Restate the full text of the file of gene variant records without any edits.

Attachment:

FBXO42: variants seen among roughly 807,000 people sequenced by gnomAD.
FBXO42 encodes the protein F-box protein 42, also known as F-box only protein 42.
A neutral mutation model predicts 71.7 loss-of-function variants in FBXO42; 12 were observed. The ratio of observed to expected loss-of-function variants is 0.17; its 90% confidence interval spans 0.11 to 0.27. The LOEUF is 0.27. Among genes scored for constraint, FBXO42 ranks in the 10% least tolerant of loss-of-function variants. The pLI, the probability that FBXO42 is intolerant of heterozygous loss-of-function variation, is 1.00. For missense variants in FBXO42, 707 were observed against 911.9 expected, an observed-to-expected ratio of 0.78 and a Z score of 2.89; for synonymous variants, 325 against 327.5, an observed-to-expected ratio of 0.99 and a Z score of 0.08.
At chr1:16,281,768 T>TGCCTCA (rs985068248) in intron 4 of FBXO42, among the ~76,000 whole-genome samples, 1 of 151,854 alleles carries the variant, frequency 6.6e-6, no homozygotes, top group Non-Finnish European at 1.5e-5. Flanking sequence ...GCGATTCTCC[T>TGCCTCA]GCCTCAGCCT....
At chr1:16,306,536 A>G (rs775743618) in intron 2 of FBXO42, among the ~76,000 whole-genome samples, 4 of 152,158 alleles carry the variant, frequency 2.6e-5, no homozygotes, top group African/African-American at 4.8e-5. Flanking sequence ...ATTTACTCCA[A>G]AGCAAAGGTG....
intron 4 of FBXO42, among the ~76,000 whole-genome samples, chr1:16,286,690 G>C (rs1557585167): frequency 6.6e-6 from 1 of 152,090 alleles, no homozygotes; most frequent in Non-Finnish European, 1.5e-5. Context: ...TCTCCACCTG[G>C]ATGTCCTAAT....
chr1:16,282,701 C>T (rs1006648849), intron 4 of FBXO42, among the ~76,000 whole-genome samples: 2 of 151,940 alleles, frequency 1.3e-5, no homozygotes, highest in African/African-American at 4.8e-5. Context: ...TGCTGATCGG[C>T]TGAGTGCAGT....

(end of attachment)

FBXO42: variants seen among roughly 807,000 people sequenced by gnomAD.
FBXO42 encodes the protein F-box protein 42, also known as F-box only protein 42.
A neutral mutation model predicts 71.7 loss-of-function variants in FBXO42; 12 were observed. The ratio of observed to expected loss-of-function variants is 0.17; its 90% confidence interval spans 0.11 to 0.27. The LOEUF is 0.27. Among genes scored for constraint, FBXO42 ranks in the 10% least tolerant of loss-of-function variants. The pLI, the probability that FBXO42 is intolerant of heterozygous loss-of-function variation, is 1.00. For missense variants in FBXO42, 707 were observed against 911.9 expected, an observed-to-expected ratio of 0.78 and a Z score of 2.89; for synonymous variants, 325 against 327.5, an observed-to-expected ratio of 0.99 and a Z score of 0.08.
At chr1:16,281,768 T>TGCCTCA (rs985068248) in intron 4 of FBXO42, among the ~76,000 whole-genome samples, 1 of 151,854 alleles carries the variant, frequency 6.6e-6, no homozygotes, top group Non-Finnish European at 1.5e-5. Flanking sequence ...GCGATTCTCC[T>TGCCTCA]GCCTCAGCCT....
At chr1:16,306,536 A>G (rs775743618) in intron 2 of FBXO42, among the ~76,000 whole-genome samples, 4 of 152,158 alleles carry the variant, frequency 2.6e-5, no homozygotes, top group African/African-American at 4.8e-5. Flanking sequence ...ATTTACTCCA[A>G]AGCAAAGGTG....
intron 4 of FBXO42, among the ~76,000 whole-genome samples, chr1:16,286,690 G>C (rs1557585167): frequency 6.6e-6 from 1 of 152,090 alleles, no homozygotes; most frequent in Non-Finnish European, 1.5e-5. Context: ...TCTCCACCTG[G>C]ATGTCCTAAT....
chr1:16,282,701 C>T (rs1006648849), intron 4 of FBXO42, among the ~76,000 whole-genome samples: 2 of 151,940 alleles, frequency 1.3e-5, no homozygotes, highest in African/African-American at 4.8e-5. Context: ...TGCTGATCGG[C>T]TGAGTGCAGT....